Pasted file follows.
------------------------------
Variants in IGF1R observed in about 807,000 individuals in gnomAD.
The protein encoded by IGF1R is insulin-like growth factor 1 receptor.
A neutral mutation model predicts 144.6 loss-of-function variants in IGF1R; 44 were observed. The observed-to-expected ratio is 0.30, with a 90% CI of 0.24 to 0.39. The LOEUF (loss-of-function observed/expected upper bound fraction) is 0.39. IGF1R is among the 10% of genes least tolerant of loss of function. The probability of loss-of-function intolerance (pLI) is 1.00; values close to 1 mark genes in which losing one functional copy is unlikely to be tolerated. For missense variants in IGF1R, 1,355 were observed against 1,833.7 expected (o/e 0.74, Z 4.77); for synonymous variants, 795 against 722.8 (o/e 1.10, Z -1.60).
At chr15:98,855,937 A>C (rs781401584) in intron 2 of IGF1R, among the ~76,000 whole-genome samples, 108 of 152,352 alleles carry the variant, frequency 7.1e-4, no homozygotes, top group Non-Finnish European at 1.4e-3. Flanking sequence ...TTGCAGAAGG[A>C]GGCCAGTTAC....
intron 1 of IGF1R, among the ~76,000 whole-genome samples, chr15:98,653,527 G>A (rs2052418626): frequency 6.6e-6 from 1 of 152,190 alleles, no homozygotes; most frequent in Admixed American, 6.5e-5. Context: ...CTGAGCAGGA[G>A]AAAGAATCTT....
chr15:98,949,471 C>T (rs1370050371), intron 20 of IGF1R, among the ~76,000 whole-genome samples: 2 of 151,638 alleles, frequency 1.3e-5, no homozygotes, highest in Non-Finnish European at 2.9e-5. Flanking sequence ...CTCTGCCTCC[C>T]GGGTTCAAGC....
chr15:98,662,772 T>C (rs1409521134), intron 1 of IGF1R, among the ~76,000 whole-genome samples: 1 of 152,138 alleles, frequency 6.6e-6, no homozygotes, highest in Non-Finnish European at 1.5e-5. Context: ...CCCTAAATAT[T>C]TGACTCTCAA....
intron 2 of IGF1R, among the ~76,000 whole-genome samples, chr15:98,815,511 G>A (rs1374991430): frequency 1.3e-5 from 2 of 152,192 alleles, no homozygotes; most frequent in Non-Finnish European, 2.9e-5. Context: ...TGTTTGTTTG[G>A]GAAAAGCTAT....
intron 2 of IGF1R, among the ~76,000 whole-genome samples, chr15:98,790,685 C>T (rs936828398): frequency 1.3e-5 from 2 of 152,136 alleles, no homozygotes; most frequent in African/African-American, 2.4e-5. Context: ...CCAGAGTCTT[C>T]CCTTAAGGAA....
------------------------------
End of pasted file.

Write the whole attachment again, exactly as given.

Variants in IGF1R observed in about 807,000 individuals in gnomAD.
The protein encoded by IGF1R is insulin-like growth factor 1 receptor.
A neutral mutation model predicts 144.6 loss-of-function variants in IGF1R; 44 were observed. The observed-to-expected ratio is 0.30, with a 90% CI of 0.24 to 0.39. The LOEUF (loss-of-function observed/expected upper bound fraction) is 0.39. IGF1R is among the 10% of genes least tolerant of loss of function. The probability of loss-of-function intolerance (pLI) is 1.00; values close to 1 mark genes in which losing one functional copy is unlikely to be tolerated. For missense variants in IGF1R, 1,355 were observed against 1,833.7 expected (o/e 0.74, Z 4.77); for synonymous variants, 795 against 722.8 (o/e 1.10, Z -1.60).
At chr15:98,855,937 A>C (rs781401584) in intron 2 of IGF1R, among the ~76,000 whole-genome samples, 108 of 152,352 alleles carry the variant, frequency 7.1e-4, no homozygotes, top group Non-Finnish European at 1.4e-3. Flanking sequence ...TTGCAGAAGG[A>C]GGCCAGTTAC....
intron 1 of IGF1R, among the ~76,000 whole-genome samples, chr15:98,653,527 G>A (rs2052418626): frequency 6.6e-6 from 1 of 152,190 alleles, no homozygotes; most frequent in Admixed American, 6.5e-5. Context: ...CTGAGCAGGA[G>A]AAAGAATCTT....
chr15:98,949,471 C>T (rs1370050371), intron 20 of IGF1R, among the ~76,000 whole-genome samples: 2 of 151,638 alleles, frequency 1.3e-5, no homozygotes, highest in Non-Finnish European at 2.9e-5. Flanking sequence ...CTCTGCCTCC[C>T]GGGTTCAAGC....
chr15:98,662,772 T>C (rs1409521134), intron 1 of IGF1R, among the ~76,000 whole-genome samples: 1 of 152,138 alleles, frequency 6.6e-6, no homozygotes, highest in Non-Finnish European at 1.5e-5. Context: ...CCCTAAATAT[T>C]TGACTCTCAA....
intron 2 of IGF1R, among the ~76,000 whole-genome samples, chr15:98,815,511 G>A (rs1374991430): frequency 1.3e-5 from 2 of 152,192 alleles, no homozygotes; most frequent in Non-Finnish European, 2.9e-5. Context: ...TGTTTGTTTG[G>A]GAAAAGCTAT....
intron 2 of IGF1R, among the ~76,000 whole-genome samples, chr15:98,790,685 C>T (rs936828398): frequency 1.3e-5 from 2 of 152,136 alleles, no homozygotes; most frequent in African/African-American, 2.4e-5. Context: ...CCAGAGTCTT[C>T]CCTTAAGGAA....